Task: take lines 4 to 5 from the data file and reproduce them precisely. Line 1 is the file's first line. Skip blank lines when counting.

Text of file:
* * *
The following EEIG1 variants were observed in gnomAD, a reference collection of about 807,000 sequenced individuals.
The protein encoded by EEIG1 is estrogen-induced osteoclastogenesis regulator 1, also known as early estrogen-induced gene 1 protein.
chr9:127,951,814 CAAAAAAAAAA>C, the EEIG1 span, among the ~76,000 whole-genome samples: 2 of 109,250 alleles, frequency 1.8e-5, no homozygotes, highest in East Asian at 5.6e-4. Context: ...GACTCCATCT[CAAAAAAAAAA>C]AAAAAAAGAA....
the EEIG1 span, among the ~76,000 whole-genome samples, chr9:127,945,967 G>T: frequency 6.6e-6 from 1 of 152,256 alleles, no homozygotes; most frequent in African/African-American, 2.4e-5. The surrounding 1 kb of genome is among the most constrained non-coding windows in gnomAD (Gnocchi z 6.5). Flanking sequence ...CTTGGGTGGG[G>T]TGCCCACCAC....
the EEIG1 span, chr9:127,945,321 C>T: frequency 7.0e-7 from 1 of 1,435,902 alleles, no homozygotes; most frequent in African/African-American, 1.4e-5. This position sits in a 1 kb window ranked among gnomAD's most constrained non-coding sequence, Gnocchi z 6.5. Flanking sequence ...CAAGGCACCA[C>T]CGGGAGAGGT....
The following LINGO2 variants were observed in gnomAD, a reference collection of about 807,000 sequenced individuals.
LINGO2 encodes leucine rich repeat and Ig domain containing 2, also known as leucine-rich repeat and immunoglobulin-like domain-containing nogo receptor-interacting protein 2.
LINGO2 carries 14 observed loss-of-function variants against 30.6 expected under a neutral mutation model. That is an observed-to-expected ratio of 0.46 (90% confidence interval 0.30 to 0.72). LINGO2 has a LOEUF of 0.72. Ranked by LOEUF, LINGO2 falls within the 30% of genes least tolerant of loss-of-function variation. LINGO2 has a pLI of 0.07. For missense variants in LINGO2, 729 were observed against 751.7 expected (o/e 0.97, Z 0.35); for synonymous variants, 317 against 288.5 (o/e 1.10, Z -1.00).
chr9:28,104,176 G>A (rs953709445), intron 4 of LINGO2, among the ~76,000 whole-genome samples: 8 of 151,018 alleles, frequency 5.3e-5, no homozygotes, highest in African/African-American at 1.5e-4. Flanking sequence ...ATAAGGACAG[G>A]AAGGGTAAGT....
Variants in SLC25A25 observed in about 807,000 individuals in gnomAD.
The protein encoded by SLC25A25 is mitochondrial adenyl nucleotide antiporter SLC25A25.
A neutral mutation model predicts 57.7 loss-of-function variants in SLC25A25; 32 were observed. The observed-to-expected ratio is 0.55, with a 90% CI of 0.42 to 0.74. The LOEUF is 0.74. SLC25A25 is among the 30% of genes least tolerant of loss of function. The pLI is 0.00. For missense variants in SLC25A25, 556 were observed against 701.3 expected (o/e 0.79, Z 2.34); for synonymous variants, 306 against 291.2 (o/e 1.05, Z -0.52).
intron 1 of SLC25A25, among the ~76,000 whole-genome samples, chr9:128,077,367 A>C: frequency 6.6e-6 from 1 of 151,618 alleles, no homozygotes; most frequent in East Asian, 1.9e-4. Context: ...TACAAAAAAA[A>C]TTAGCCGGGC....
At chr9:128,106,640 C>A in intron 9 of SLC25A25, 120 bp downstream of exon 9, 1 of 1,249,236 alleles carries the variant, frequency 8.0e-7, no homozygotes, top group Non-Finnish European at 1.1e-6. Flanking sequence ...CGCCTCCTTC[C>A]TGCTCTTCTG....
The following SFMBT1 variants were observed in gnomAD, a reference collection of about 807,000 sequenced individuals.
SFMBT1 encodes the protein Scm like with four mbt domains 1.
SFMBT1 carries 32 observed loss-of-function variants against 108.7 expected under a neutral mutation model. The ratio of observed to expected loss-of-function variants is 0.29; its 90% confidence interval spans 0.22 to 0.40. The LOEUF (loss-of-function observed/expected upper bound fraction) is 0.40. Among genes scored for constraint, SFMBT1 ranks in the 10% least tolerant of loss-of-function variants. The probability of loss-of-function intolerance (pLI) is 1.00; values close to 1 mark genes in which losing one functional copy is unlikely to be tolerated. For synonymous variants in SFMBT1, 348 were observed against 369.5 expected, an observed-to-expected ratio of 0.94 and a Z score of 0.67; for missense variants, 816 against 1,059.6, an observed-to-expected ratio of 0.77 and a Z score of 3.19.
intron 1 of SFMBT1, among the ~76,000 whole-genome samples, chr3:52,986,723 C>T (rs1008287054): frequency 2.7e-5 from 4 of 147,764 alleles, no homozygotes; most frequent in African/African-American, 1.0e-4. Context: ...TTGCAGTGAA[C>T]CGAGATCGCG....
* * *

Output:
the EEIG1 span, among the ~76,000 whole-genome samples, chr9:127,945,967 G>T: frequency 6.6e-6 from 1 of 152,256 alleles, no homozygotes; most frequent in African/African-American, 2.4e-5. The surrounding 1 kb of genome is among the most constrained non-coding windows in gnomAD (Gnocchi z 6.5). Flanking sequence ...CTTGGGTGGG[G>T]TGCCCACCAC....
the EEIG1 span, chr9:127,945,321 C>T: frequency 7.0e-7 from 1 of 1,435,902 alleles, no homozygotes; most frequent in African/African-American, 1.4e-5. This position sits in a 1 kb window ranked among gnomAD's most constrained non-coding sequence, Gnocchi z 6.5. Flanking sequence ...CAAGGCACCA[C>T]CGGGAGAGGT....